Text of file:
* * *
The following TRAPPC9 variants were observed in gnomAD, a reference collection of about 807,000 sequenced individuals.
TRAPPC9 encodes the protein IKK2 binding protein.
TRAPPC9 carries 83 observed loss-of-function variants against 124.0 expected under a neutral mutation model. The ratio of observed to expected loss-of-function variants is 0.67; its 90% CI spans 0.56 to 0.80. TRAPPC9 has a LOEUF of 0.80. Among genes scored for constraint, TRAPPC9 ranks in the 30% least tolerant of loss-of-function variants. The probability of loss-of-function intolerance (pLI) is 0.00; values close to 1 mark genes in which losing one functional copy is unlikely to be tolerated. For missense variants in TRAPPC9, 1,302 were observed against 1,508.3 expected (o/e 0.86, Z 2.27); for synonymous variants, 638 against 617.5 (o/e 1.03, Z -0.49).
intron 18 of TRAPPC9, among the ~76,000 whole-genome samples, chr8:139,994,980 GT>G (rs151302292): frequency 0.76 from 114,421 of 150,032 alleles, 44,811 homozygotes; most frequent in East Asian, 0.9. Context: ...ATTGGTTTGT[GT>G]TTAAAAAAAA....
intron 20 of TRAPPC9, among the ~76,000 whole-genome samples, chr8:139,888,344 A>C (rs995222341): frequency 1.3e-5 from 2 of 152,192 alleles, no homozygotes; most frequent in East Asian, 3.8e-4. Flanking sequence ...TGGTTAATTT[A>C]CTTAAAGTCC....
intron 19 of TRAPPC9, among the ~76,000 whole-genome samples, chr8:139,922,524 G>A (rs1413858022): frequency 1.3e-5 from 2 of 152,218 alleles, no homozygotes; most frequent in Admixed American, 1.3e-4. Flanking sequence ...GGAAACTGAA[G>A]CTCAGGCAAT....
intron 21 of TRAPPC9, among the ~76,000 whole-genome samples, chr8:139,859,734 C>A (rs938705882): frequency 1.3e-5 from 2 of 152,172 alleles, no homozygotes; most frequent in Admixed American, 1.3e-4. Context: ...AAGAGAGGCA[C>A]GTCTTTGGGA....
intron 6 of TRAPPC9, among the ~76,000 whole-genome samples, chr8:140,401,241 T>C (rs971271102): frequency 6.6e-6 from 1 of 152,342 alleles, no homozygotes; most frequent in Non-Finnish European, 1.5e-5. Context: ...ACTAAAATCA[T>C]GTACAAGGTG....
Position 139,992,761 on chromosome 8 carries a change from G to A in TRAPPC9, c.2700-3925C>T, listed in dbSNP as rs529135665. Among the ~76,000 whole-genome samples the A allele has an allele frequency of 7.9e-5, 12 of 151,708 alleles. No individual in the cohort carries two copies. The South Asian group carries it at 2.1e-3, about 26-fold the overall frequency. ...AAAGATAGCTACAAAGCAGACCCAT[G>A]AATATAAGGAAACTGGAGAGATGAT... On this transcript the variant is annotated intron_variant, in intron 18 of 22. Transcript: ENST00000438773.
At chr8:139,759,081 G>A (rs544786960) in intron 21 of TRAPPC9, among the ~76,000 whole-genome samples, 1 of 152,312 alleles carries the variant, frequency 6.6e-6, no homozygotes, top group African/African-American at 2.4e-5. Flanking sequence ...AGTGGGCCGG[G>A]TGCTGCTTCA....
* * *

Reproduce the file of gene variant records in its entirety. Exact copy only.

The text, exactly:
The following TRAPPC9 variants were observed in gnomAD, a reference collection of about 807,000 sequenced individuals.
TRAPPC9 encodes the protein IKK2 binding protein.
TRAPPC9 carries 83 observed loss-of-function variants against 124.0 expected under a neutral mutation model. The ratio of observed to expected loss-of-function variants is 0.67; its 90% CI spans 0.56 to 0.80. TRAPPC9 has a LOEUF of 0.80. Among genes scored for constraint, TRAPPC9 ranks in the 30% least tolerant of loss-of-function variants. The probability of loss-of-function intolerance (pLI) is 0.00; values close to 1 mark genes in which losing one functional copy is unlikely to be tolerated. For missense variants in TRAPPC9, 1,302 were observed against 1,508.3 expected (o/e 0.86, Z 2.27); for synonymous variants, 638 against 617.5 (o/e 1.03, Z -0.49).
intron 18 of TRAPPC9, among the ~76,000 whole-genome samples, chr8:139,994,980 GT>G (rs151302292): frequency 0.76 from 114,421 of 150,032 alleles, 44,811 homozygotes; most frequent in East Asian, 0.9. Context: ...ATTGGTTTGT[GT>G]TTAAAAAAAA....
intron 20 of TRAPPC9, among the ~76,000 whole-genome samples, chr8:139,888,344 A>C (rs995222341): frequency 1.3e-5 from 2 of 152,192 alleles, no homozygotes; most frequent in East Asian, 3.8e-4. Flanking sequence ...TGGTTAATTT[A>C]CTTAAAGTCC....
intron 19 of TRAPPC9, among the ~76,000 whole-genome samples, chr8:139,922,524 G>A (rs1413858022): frequency 1.3e-5 from 2 of 152,218 alleles, no homozygotes; most frequent in Admixed American, 1.3e-4. Flanking sequence ...GGAAACTGAA[G>A]CTCAGGCAAT....
intron 21 of TRAPPC9, among the ~76,000 whole-genome samples, chr8:139,859,734 C>A (rs938705882): frequency 1.3e-5 from 2 of 152,172 alleles, no homozygotes; most frequent in Admixed American, 1.3e-4. Context: ...AAGAGAGGCA[C>A]GTCTTTGGGA....
intron 6 of TRAPPC9, among the ~76,000 whole-genome samples, chr8:140,401,241 T>C (rs971271102): frequency 6.6e-6 from 1 of 152,342 alleles, no homozygotes; most frequent in Non-Finnish European, 1.5e-5. Context: ...ACTAAAATCA[T>C]GTACAAGGTG....
Position 139,992,761 on chromosome 8 carries a change from G to A in TRAPPC9, c.2700-3925C>T, listed in dbSNP as rs529135665. Among the ~76,000 whole-genome samples the A allele has an allele frequency of 7.9e-5, 12 of 151,708 alleles. No individual in the cohort carries two copies. The South Asian group carries it at 2.1e-3, about 26-fold the overall frequency. ...AAAGATAGCTACAAAGCAGACCCAT[G>A]AATATAAGGAAACTGGAGAGATGAT... On this transcript the variant is annotated intron_variant, in intron 18 of 22. Transcript: ENST00000438773.
At chr8:139,759,081 G>A (rs544786960) in intron 21 of TRAPPC9, among the ~76,000 whole-genome samples, 1 of 152,312 alleles carries the variant, frequency 6.6e-6, no homozygotes, top group African/African-American at 2.4e-5. Flanking sequence ...AGTGGGCCGG[G>A]TGCTGCTTCA....